made our way to our first planned campsite.

During those first

few miles we began to realize how silly we must have looked.

Im

not sure what garnered more curious and extended looks from other
hikers on the trail, our aged dilapidated gear, or our tennis
shoes, blue jeans and sweatshirts in notoriously wet March.

Then

again there was Birdmans hat; A black and orange baseball cap
embroidered with the word ASSMAN in a font reminiscent of the
Pacman arcade game.

Knowing the guys I went with, I dont think the first night
could have played out much differently than it did.

The handle

of vodka we brought didnt take long to make an appearance, along


with a homegrown bottle of cinnamon moonshine Birdman brandished
unexpectedly.

My memory of that night is somewhat incomplete,

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but I do remember one important detail.

I noticed Birdman

attempting to get his New Balance running shoes dry after a day
of slogging through the wet springtime trail.

They were propped

up on our makeshift stone fire ring, steaming as the water


evaporated.

Hey Bird your shoes are pretty close to the fire, man.
Ross noticed, as he stretched his long legs to get them closer to
the warm fire.

Yea, I know. Im drying them, Birdman retorted, somewhat


annoyed.

An undetermined amount of time elapsed, this time

someone else spoke up.

Hey dumbass, better watch your shoes, someone


pontificated.
warning.

He made a guttural noise and waved of the second

The shoes had been drying for hours at this point, but

an inebriated Birdman insisted they stay where they were as we


fed the fire more and more throughout the night.

At some point, as Ob flipped the scorched shoes off the


stones with a stick and long after Birdman collapsed into his
tent for the night, we all gathered around to assess the damage.
The tongues, laces, and most of the tops of both shoes were

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completely gone, melted into nothing.

These nylon running shoes

had no business being worn for this trip, let alone surviving a
literal trial by fire.

The next morning Birdman awoke to find what was left of his
shoes.

Although we teared up with laughter the night before as

Birdman slept, we had a serious problem.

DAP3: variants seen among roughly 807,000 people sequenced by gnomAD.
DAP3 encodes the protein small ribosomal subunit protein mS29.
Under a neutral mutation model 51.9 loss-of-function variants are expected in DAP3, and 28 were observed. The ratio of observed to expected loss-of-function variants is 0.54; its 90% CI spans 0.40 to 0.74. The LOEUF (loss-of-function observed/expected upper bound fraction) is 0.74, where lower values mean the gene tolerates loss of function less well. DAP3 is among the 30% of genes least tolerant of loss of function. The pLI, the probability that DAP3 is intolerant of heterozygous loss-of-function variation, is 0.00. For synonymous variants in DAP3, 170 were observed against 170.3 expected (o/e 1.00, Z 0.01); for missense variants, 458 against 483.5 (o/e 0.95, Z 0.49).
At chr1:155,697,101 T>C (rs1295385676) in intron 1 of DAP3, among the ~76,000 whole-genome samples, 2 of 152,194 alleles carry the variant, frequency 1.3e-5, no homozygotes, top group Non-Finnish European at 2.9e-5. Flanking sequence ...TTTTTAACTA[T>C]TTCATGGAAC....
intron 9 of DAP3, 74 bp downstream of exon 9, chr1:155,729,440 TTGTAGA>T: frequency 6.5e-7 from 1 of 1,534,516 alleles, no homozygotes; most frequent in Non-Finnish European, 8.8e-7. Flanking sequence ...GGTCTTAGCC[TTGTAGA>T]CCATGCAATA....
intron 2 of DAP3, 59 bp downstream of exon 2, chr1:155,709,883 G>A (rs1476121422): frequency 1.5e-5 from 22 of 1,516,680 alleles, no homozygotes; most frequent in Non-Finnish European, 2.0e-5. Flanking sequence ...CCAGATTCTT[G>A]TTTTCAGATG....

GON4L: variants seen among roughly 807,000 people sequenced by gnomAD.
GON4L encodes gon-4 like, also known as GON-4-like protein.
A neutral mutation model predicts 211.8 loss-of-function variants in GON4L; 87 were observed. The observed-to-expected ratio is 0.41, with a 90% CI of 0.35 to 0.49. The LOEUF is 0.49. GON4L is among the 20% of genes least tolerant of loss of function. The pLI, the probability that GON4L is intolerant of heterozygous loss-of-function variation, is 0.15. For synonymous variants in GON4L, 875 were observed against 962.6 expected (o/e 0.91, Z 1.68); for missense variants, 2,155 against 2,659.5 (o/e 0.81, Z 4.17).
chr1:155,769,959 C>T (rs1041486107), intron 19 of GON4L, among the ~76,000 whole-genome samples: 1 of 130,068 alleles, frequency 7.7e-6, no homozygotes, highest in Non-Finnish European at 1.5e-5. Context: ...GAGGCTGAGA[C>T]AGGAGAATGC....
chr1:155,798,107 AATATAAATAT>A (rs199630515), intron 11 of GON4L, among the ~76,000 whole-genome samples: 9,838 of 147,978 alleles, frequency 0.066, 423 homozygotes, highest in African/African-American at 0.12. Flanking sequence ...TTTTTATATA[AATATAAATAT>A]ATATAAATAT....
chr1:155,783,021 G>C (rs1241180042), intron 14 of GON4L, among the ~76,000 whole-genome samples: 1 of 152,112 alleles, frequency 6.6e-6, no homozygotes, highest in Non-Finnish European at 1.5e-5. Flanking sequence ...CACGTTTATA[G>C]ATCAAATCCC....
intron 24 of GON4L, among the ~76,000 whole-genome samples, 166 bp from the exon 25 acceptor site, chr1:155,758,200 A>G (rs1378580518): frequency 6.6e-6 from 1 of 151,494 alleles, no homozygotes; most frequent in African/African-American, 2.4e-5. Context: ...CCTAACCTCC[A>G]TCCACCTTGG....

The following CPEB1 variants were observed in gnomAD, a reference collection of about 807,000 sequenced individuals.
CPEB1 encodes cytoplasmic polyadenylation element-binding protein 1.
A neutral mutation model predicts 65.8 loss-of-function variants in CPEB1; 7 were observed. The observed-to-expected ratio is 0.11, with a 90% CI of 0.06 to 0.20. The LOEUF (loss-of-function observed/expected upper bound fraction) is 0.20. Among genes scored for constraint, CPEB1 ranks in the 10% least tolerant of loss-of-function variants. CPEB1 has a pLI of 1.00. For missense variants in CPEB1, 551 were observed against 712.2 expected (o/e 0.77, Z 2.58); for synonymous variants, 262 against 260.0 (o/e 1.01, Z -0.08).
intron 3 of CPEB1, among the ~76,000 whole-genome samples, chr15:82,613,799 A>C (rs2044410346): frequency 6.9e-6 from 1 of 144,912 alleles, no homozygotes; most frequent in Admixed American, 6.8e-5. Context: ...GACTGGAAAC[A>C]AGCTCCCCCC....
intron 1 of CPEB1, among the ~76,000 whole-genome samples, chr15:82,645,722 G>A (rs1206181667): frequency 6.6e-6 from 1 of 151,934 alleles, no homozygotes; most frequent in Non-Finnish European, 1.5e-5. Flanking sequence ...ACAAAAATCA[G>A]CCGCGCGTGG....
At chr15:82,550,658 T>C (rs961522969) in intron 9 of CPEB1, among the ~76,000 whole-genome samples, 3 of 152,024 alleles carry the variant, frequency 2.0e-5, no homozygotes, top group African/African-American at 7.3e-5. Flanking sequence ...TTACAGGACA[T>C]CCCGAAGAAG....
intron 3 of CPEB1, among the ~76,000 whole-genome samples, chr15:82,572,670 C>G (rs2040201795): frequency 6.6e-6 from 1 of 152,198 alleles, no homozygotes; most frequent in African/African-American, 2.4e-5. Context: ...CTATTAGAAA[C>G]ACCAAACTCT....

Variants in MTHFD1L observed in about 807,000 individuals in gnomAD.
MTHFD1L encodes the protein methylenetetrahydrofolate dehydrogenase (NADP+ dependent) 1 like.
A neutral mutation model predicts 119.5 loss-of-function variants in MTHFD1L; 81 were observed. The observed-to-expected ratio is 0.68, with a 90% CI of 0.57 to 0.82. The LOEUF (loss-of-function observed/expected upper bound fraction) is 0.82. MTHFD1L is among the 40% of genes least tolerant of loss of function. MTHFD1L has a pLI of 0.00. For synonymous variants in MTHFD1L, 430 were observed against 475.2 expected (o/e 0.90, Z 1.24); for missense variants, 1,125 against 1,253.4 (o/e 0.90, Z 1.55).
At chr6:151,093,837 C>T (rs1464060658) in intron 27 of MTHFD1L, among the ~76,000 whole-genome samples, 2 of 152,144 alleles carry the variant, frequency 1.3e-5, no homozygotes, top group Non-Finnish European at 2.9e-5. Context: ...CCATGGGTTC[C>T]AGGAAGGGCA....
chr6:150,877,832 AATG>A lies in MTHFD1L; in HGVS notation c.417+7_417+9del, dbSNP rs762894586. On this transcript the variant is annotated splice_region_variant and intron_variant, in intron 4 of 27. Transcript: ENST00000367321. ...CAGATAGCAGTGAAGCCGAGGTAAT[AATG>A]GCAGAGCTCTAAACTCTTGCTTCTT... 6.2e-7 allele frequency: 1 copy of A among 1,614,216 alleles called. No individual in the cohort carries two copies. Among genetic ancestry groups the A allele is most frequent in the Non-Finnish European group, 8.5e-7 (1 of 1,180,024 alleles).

into our 30+ mile journey.

We were over five miles

Hiking either direction without shoes

would surely end in injury and take an unreasonable amount of


time.

The ridicule and shame Birdman would have endured, had he

thrown in the towel on day two and forced someone else to hike
out to get him shoes, was all the motivation and inspiration he
needed.

He grabbed a bundle of nylon cordage and got to work.

He crafted what had to be the ugliest two roman sandals anyone


could imagine, complete with plastic bags over his socks to keep
away the moisture.

At some point, about halfway through the trip, I became


Shenandoahs most hated man.

Sore backs, worn down feet, and a

wetness that permeated everything brought morale rock bottom.

Dude, how the hell did you convince me to do this.

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Why would you ever plan anything when you knew it was going
to rain.

I hate you.

The constant crinkle from the plastic bags on Birdmans feet


haunted us for the rest of the trip.

The remaining few days were

marred by long bouts of rain and very leaky tents; The complete
depletion of our alcohol stores didnt help either.

The third

night was spent huddled together for warmth as the rain crept
into our tents and infiltrated our sleeping bags.

That third

night was so bad we decided to forgo the fourth night on the


trail and hoofed it over twelve miles on an exposed, rain blasted
ridge to get out a day early.

When we finally saw the cars in the parking lot through the
trees, and everyone realized they werent going to die in a cold
wet heap, the groups attitude brightened.

We decided we needed

to gorge ourselves on an impressive meal worthy of our


accomplishment, so we pulled into the nearest Golden Corral our
early era smartphones could find.

Before we headed in, Ross

found some old basketball shoes floating around the floorboard of


his Honda Accord.
asked.

Hey Bird, you wanna change into these? He

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Nope, they got me this far, might as well ride it out.

Sources

http://www.vietnamgear.com/kit.aspx?kit=119

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http://www.nps.gov/shen/index.htm
http://www.ebay.com/itm/like/361377221651?
lpid=82&chn=ps&ul_noapp=true
http://www.goldencorral.com
http://www.blueplanetbiomes.org/deciduous_forest.htm
http://pocketnow.com/2014/07/28/the-evolution-of-the-smartphone